Chirp communications are typically used in systems operating using low data rates and short messages. In such systems, the transmitter typically transmits messages periodically, for example a remote temperature tag may periodically transmit a message indicating a measured temperature. Typically, the transmitter does not know the location or local environment of the receiver or receivers which are to receive the message it transmits. Reliable receipt of the transmission at distal receivers as well as close by receivers is desirable. Reliable receipt of the transmission at receivers subject to high levels of interference or noise is desirable. One solution is to transmit the messages with sufficiently high power to be detectable by all receivers within a predetermined range. However, chirps signals are typically communicated between low power devices, for example battery powered handheld devices and in environments where there could be multiple simultaneous transmitting devices. Transmission of frequent high power signals causes an undesirable drain on the power reserves of a battery powered device, and also causes undesirable interference to other users of the system.

Rather than transmitting at a high power, one solution to enable reliable receipt of the transmission at a distal receiver, or a receiver subject to high levels of interference or noise, is to increase the sensitivity of the receiver by adding error correction bits, for example forward error correction (FEC). However, FEC requires the transmission of additional bits, which incurs additional delay and requires more energy. FEC is suitable for higher value communications systems where large numbers of silicon gates are acceptable. Chirp communications allow for low power and small silicon area solutions and are targeted at very high volume and very low cost markets. Hence, additional gates for FEC circuitry, in both the transmitter and receiver, are proportionally expensive and power hungry.

Thus, there is a need for an improved method of communicating a chirp signal from a transmitter that is suitable for receipt at both a proximal receiver and a distal or noisy receiver in a communication system operating using small silicon areas, low power and short messages and in environments where there could be multiple simultaneous transmitting devices.

SUMMARY

According to a first aspect, there is provided a method of communicating a chirp signal from a transmitter suitable for receipt at a proximal receiver and a distal receiver, the chirp signal comprising a plurality of packets, each packet comprising at least one symbol, each symbol comprising one or more identical chirps, the method comprising: generating the chirp signal by interleaving constituent packets of: (i) a first set of packets encoded with first data, each packet comprising one or more symbols having a first time period t1, and (ii) a second set of packets encoded with second data, each packet comprising one or more symbols having a second time period t2, where t1<t2; and transmitting the generated chirp signal.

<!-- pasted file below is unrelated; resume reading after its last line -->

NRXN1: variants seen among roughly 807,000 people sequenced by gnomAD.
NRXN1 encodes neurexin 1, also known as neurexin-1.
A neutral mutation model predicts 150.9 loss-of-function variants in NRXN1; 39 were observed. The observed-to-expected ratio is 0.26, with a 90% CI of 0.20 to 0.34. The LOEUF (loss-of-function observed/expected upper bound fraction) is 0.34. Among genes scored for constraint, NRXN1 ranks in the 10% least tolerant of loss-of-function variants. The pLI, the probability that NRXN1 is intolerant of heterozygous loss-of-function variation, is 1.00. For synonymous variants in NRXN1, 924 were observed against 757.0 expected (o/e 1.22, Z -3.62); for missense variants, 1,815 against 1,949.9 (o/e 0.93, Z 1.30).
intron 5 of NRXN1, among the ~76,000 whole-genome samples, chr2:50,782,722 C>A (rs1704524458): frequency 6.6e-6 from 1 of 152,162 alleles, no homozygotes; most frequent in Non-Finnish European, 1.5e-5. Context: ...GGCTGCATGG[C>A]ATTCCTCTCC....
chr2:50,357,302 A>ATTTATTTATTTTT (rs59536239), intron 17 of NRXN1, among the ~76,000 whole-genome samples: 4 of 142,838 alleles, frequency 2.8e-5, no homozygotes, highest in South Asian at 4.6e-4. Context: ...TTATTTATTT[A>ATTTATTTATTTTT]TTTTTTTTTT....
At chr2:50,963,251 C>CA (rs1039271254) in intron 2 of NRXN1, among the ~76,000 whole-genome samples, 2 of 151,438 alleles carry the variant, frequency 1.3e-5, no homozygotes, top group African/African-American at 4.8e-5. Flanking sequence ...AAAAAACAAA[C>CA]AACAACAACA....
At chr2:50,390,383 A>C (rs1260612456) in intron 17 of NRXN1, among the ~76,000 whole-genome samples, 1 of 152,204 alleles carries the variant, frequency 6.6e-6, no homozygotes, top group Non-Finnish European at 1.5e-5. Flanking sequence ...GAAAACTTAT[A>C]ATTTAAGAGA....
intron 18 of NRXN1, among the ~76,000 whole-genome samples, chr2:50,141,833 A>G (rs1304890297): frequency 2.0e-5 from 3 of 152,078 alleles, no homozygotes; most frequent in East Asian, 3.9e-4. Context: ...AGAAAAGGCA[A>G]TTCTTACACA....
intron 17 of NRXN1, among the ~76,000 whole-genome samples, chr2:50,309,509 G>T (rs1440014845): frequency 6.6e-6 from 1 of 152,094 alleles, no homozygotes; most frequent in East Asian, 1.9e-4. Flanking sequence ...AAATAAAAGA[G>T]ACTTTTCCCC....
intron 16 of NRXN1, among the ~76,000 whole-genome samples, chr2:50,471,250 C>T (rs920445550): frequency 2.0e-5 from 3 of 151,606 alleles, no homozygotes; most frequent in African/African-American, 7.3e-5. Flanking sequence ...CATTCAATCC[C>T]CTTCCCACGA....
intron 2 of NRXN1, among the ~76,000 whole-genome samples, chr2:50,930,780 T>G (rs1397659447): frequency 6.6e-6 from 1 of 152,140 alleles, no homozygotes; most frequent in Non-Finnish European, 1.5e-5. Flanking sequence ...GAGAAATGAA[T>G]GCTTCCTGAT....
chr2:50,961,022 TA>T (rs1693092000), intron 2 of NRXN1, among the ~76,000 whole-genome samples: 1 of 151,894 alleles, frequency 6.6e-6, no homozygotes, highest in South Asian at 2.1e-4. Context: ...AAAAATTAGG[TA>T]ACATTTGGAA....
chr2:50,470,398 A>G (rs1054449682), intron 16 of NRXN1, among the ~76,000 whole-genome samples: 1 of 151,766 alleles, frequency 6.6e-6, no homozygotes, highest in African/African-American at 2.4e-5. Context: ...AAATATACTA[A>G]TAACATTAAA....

Suitably, the first data is the same as the second data.

Suitably, the one or more symbols of each packet of the first set of packets have a first bandwidth bw1, and the one or more symbols of each packet of the second set of packets have a second bandwidth bw2, wherein bw1>bw2.

Suitably, the method comprises generating the chirp signal such that the ratio of packets of the first set of packets to packets of the second set of packets in the chirp signal is greater than 1.

Suitably, the number of chirps per symbol of the first set of packets is different to the number of chirps per symbol of the second set of packets.

Suitably, the method is suitable for receipt at the proximal receiver, the distal receiver, and at least one further receiver located between the proximal and distal receivers, the method comprising generating the chirp signal by interleaving constituent packets of: (i) the first set of packets, (ii) the second set of packets, and (iii) at least one further set of packets encoded with third data, each packet comprising one or more symbols having a time period between t1, and t2.

Suitably, the first data, second data and third data are the same.

Suitably, the one or more symbols of each packet of the at least one further set of packets have bandwidths between bw1, and bw2.

Suitably, the method comprises: negotiating a frequency hopping sequence between the transmitter and a receiver; and transmitting the generated chirp signal such that the sequence of centre frequencies of consecutive packets of the generated chirp signal matches the frequency hopping sequence.

Suitably, the method comprises: negotiating a frequency hopping sequence between the transmitter and a receiver; and transmitting the generated chirp signal such that the sequence of centre frequencies of consecutive symbols of the generated chirp signal matches the frequency hopping sequence.

Suitably, the method further comprises: receiving the transmitted chirp signal; and coherently integrating the one or more chirps of each symbol of a packet.

Suitably, the method further comprises: receiving the transmitted chirp signal; and non-coherently integrating the one or more chirps of each symbol of a packet.

According to a second aspect, there is provided a transmitter for communicating a chirp signal suitable for receipt at a proximal receiver and a distal receiver, the chirp signal comprising a plurality of packets, each packet comprising at least one symbol, each symbol comprising one or more identical chirps, the transmitter comprising: a chirp generator configured to generate the chirp signal by interleaving constituent packets of: (i) a first set of packets encoded with first data, each packet comprising one or more symbols having a first time period t1, and (ii) a second set of packets encoded with second data, each packet comprising one or more symbols having a second time period t2, where t1<t2; and a transmitter module configured to transmit the generated chirp signal.